The Ambassador in the Soviet Union (Harriman) to the Secretary of State
[Received 4:20 p.m.]
597. At a meeting of the Commission on Poland on February 27, Molotov suggested the advisability of Clark Kerr and myself sending representatives to Poland to obtain first-hand information. It was agreed that this question should be held in abeyance but that it might be desirable to give it consideration at a later date. Clark Kerr has today received a telegram from Mr. Churchill stressing the importance of having our representatives in Poland and directing him to send representatives promptly. We hope to have another meeting today with Molotov and if Clark Kerr and Molotov agree on the procedure for sending representatives, I plan to detail Secretary of Embassy, Francis B. Stevens, and a naval officer attached to the Naval Mission here who has lived in Poland and speaks a little Polish, to proceed to Warsaw at such time as may be agreed to. It will, of course, be understood that these British-American delegates will be the personal representatives of Clark Kerr and myself as members of the Commission and in no sense representatives of our Governments accredited to the Warsaw Government.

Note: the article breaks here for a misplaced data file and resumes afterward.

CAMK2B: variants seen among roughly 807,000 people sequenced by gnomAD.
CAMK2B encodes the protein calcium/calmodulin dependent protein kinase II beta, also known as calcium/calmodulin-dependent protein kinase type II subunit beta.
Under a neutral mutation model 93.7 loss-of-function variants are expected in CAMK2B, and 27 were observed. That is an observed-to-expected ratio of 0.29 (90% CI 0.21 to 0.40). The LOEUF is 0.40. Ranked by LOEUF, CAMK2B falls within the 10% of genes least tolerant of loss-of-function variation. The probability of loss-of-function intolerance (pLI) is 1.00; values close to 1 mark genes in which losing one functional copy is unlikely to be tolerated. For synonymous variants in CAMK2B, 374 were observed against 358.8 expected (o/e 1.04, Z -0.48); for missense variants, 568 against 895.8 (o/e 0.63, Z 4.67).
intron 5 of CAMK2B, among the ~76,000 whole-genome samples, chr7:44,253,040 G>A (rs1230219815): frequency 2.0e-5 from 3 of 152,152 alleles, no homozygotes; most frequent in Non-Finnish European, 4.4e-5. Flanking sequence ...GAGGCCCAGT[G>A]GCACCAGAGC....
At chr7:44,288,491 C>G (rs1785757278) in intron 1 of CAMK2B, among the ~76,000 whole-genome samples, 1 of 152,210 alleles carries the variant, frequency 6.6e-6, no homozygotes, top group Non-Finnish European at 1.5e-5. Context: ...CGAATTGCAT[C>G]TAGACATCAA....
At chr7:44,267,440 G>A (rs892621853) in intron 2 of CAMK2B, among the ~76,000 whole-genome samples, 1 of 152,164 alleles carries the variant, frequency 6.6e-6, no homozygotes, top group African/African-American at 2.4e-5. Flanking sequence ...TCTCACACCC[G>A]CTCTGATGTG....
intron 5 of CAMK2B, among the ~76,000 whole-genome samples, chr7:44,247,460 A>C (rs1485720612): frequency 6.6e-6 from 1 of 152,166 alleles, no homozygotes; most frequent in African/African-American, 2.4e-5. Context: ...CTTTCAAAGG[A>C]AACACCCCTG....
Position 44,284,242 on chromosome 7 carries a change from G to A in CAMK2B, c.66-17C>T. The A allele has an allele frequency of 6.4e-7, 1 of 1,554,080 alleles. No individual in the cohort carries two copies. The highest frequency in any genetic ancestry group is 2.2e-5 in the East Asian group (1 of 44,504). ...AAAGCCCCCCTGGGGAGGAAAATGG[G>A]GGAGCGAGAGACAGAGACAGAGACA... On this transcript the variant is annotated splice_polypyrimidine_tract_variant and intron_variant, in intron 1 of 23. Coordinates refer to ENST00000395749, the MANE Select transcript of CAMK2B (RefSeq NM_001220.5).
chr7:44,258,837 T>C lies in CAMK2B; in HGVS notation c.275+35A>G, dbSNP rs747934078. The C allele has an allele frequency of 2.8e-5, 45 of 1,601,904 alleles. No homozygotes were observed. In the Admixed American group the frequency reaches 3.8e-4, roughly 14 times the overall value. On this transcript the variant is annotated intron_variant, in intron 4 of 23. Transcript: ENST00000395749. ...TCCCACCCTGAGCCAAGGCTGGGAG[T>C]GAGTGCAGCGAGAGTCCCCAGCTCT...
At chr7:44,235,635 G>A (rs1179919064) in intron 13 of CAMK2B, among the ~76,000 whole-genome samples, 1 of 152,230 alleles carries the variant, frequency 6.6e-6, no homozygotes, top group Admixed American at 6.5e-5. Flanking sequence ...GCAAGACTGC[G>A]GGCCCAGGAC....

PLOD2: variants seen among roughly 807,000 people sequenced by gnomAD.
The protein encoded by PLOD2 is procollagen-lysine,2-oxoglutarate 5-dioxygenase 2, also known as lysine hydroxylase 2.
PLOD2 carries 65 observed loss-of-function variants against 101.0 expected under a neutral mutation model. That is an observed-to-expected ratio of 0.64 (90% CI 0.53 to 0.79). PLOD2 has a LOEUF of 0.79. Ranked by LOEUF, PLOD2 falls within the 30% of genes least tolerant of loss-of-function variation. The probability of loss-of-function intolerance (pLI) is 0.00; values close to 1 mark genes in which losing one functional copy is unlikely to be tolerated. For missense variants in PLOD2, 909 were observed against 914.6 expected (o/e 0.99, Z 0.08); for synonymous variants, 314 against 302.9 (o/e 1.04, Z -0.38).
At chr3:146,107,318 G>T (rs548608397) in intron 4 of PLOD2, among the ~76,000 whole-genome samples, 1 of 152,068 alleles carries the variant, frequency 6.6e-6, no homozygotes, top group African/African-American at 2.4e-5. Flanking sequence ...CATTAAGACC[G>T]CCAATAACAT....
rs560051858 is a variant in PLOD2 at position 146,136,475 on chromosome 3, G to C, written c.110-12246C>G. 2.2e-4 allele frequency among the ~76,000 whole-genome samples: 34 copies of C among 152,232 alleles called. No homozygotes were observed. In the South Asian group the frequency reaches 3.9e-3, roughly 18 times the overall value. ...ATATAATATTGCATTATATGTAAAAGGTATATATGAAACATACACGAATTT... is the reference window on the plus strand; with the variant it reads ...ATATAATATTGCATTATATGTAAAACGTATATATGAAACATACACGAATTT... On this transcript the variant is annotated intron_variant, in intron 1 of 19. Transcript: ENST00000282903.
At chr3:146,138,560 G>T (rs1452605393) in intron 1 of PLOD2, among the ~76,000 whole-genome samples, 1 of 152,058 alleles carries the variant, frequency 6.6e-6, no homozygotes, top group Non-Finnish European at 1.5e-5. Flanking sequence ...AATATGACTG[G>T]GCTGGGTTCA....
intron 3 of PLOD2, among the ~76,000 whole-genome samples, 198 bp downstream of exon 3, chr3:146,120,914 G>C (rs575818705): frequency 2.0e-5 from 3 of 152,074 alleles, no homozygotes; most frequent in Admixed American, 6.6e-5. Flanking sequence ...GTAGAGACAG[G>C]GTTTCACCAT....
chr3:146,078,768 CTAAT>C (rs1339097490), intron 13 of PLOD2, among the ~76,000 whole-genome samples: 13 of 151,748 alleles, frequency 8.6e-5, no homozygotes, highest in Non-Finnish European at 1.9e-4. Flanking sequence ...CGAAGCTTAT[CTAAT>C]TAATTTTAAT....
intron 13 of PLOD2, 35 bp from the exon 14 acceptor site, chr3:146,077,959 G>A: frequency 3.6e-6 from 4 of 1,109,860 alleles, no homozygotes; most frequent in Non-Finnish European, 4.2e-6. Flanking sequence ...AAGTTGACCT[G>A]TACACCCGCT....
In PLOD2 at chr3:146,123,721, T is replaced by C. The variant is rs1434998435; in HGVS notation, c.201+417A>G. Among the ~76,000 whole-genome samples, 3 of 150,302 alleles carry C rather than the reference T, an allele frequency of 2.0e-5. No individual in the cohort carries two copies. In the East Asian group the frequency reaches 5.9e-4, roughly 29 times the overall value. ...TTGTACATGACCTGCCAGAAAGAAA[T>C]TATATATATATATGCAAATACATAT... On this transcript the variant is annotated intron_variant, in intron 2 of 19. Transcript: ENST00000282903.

Clark Kerr and I both feel that the presence of such representatives within Poland will serve to supply us with authoritative first-hand information for use in our discussions here.
It is my plan that if this is done, Durbrow89 will take over during Stevens’ absence the work the latter is now doing in Moscow in connection with the Commission.
- Elbridge Durbrow, Chief of the Division of Eastern European Affairs, then in Moscow to assist Ambassador Harriman in the meetings of the Commission on Poland.↩